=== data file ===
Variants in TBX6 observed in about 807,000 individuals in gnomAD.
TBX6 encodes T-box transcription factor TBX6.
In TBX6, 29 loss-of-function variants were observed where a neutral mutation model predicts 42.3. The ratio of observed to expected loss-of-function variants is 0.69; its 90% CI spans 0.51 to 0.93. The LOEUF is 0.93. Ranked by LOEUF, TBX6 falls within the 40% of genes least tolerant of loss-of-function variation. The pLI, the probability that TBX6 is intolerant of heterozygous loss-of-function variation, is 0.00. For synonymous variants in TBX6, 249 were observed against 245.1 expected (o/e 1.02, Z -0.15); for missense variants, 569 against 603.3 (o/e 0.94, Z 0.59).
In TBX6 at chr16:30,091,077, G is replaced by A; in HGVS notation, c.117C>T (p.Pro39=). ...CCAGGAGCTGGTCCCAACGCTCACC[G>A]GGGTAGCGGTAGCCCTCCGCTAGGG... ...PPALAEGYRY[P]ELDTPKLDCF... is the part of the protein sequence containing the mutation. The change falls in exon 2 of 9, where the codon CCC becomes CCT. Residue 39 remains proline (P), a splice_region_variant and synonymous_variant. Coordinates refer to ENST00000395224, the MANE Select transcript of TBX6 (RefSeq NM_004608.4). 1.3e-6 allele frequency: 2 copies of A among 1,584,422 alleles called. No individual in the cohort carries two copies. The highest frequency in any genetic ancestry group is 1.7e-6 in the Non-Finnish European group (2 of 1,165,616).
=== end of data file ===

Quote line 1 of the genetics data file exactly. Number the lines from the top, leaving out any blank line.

Variants in TBX6 observed in about 807,000 individuals in gnomAD.